Buchanan Bill to Save FL Oranges Wins Key Support
“Yellow Dragon Disease” Threatens Nation’s Orange Trees
WASHINGTON – The U.S. House Ways and Means Committee today unanimously approved Congressman Vern Buchanan’s bipartisan legislation to aid Florida orange growers in their battle against the dreaded citrus greening disease. The bill now heads to the full House for a vote scheduled next week.
Buchanan’s Emergency Citrus Disease Response Act will make it less costly for growers to replace trees damaged by citrus greening, an incurable bacterial disease that has infected 99 percent of Florida’s commercial citrus groves.
“The strong committee vote is a clear message: we must do all we can to protect American jobs,” Buchanan said. “We are one step closer to protecting the livelihoods of the 62,000 hardworking Floridians who form the backbone of the Sunshine State’s iconic citrus industry.”
The legislation provides tax incentives for farmers who cannot afford to replace trees affected by citrus greening. Under current law, growers are allowed an immediate deduction for the cost of replanting diseased trees, but the farmer must bear the full cost. Buchanan’s proposal would allow struggling farmers to use this deduction even if they bring in investors to raise capital for replanting costs, as long as the grower continues to own a major stake in the grove. It also extends this incentive to purchasers of land with diseased trees.
Every member of Florida’s 29-member congressional delegation in both the U.S. House and Senate supports Buchanan’s legislation.
Experts project a 26 percent decline in Florida’s signature orange crop for this upcoming season – the worst in over 50 years. The disease, also known as “yellow dragon disease,” arrived in Florida in 2005 and has since infected 99 percent of commercial citrus groves in the state – as well as 50 percent of the groves in Texas.
“Farmers work incredibly hard and take immense risks to get food to our dining room tables,” Buchanan said. “They’re part of the fabric of American life and Congress should take every opportunity to support their efforts.”
Greening has begun to march across the country, and has been found in California, Louisiana, South Carolina and Georgia. Once infected, trees must be uprooted and destroyed. Replacing citrus trees is costly, but farmers have no choice. They must replant in order to earn a living. Growers face an average replacement cost of almost $2,000 per acre.
Citrus greening has caused more than $4 billion in economic damage while eliminating 8,000 jobs, according to a study done four years ago by the University of Florida. Florida Citrus Mutual, a citrus trade association, estimates that those numbers have doubled in the past four years.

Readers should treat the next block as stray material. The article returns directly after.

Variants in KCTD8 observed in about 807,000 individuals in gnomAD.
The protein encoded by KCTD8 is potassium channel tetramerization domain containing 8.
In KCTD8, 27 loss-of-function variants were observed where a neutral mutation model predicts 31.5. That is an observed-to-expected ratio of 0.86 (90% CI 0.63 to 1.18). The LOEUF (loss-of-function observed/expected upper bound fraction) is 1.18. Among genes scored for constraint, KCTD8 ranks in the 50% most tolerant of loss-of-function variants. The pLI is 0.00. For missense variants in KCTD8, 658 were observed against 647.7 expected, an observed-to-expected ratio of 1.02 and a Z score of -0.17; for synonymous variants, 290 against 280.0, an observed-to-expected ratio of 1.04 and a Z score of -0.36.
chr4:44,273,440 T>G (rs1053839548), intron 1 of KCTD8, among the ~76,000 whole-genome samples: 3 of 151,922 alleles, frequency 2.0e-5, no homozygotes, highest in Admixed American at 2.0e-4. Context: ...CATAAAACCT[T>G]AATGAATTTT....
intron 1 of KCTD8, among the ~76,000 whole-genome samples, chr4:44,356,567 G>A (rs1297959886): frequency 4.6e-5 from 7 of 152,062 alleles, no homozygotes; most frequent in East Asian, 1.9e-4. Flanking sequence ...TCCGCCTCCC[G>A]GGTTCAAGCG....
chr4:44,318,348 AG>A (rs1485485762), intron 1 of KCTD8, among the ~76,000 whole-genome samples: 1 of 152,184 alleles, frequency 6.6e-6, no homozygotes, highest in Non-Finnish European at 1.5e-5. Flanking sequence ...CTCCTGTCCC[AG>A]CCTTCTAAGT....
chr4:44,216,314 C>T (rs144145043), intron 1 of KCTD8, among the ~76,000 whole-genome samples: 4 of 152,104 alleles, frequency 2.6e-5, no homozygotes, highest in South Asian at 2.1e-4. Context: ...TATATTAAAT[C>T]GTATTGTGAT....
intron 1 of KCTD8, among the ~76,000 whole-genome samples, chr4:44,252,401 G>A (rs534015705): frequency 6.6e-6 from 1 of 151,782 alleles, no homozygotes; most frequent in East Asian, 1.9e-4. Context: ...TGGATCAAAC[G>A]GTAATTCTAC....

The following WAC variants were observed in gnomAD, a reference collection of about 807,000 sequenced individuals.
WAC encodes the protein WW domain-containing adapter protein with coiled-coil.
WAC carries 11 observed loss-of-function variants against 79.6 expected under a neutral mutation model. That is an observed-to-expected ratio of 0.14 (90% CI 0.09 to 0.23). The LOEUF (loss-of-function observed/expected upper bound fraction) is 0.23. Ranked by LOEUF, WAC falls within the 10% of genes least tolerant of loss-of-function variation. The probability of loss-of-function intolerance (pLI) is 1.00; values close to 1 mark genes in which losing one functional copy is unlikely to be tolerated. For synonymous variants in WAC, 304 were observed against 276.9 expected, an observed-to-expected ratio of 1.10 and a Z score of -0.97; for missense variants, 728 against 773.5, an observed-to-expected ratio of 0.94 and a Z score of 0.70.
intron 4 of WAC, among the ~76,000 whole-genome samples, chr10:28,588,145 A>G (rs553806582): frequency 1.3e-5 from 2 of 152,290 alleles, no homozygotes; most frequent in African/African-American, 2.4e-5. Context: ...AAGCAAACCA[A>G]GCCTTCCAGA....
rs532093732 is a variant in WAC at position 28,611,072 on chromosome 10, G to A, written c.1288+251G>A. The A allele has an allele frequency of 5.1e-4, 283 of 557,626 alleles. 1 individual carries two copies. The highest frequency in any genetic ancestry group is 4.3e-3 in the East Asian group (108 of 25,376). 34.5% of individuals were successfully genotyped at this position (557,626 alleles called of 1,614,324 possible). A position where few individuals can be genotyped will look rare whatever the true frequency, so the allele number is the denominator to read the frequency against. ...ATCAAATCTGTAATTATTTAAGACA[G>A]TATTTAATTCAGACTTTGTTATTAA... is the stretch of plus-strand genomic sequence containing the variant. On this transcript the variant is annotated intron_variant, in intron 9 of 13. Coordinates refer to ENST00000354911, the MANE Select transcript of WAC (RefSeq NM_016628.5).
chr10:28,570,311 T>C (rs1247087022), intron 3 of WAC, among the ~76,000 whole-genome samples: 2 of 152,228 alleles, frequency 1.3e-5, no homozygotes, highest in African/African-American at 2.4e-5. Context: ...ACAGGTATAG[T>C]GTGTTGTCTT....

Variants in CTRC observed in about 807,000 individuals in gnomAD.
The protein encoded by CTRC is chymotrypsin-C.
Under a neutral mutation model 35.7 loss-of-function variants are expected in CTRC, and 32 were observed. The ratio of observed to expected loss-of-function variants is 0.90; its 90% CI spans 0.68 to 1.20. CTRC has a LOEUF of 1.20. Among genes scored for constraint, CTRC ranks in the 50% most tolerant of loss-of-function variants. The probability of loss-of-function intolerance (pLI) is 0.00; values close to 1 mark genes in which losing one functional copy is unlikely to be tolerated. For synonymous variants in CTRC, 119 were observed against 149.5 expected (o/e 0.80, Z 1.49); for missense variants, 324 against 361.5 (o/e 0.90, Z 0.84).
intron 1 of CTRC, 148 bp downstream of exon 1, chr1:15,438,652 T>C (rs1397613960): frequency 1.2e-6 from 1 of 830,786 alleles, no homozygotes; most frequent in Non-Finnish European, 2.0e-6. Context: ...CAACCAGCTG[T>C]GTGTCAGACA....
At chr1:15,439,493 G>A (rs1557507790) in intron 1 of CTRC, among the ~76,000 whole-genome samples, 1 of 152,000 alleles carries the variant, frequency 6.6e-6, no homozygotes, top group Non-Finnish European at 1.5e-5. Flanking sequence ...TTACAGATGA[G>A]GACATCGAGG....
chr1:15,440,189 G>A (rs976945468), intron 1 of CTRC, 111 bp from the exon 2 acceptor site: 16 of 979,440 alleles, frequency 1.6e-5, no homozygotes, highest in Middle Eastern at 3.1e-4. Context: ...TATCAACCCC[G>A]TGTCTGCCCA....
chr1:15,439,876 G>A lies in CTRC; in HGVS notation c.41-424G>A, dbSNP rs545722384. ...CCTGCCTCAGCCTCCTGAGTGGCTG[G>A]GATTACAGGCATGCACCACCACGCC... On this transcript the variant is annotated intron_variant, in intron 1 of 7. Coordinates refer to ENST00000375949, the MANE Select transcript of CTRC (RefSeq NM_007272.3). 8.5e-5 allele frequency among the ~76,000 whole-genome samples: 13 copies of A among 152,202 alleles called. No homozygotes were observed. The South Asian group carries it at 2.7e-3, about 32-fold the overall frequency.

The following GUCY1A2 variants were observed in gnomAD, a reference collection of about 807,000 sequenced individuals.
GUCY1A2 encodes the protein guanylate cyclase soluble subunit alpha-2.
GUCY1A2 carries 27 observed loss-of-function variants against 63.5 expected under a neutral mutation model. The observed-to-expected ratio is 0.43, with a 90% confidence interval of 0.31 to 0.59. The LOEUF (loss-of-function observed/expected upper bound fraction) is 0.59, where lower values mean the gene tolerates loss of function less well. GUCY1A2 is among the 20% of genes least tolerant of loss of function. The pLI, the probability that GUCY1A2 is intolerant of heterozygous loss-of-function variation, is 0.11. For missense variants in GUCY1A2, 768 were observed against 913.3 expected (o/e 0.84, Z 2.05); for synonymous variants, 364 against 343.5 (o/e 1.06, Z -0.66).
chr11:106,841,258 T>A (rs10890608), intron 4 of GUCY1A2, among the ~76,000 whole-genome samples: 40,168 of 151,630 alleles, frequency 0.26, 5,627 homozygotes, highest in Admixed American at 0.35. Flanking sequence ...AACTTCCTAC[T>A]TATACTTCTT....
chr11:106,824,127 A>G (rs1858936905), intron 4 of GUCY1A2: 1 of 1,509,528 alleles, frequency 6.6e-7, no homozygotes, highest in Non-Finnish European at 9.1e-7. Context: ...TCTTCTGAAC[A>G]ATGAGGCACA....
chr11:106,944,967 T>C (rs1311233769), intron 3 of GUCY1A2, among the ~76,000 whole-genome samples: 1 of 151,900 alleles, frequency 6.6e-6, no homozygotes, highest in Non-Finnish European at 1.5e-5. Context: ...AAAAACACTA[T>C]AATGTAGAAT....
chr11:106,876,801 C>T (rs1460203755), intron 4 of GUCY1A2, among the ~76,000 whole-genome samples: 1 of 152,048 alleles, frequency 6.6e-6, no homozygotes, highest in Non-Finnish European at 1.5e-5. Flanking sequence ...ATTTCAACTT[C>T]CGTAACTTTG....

A number of local citrus growers and farm groups have expressed support for Buchanan’s legislation:
- Kyle Story, a citrus grower in Lake Wales, Florida, said: “I am a fourth generation grower and there is not a day that passes where I do not wonder about the future of the Florida citrus industry. In order to pass the business on to my one year old son Merritt – the fifth generation – we are going to have to get more trees in the ground and that’s exactly what growers across Florida will do if the tax legislation is passed. I know a lot of people whose children are going to law school, business school or medical school to get away from citrus. I do not want my son to become a lawyer, I want him to become a citrus grower and I’m worried he won’t get that chance.”
- Bob Stallman, president of the American Farm Bureau Federation, said: “The temporary tax code change will provide the incentive growers need to increase the planting of new groves and help return citrus production to thousands of acres.”
- Carol Freysinger, executive director of the Juice Products Association, said: “We applaud Florida Rep. Vern Buchanan’s efforts to combat the significant effects of HLB, better known as citrus greening, by introducing legislation that gives citrus growers incentives to replant, cultivate, and maintain their groves impacted by citrus greening.”
Buchanan helped lead efforts to secure $125 million to combat citrus greening as part of a five-year farm bill that President Obama signed into law in 2014. The legislation also provided for $125 million in discretionary funding that needs to be allocated through the yearly appropriations process.
Buchanan is the only member of Congress from Florida on the tax-writing Ways and Means Committee. Buchanan is also co-chairman of Florida delegation and the Congressional Citrus Caucus.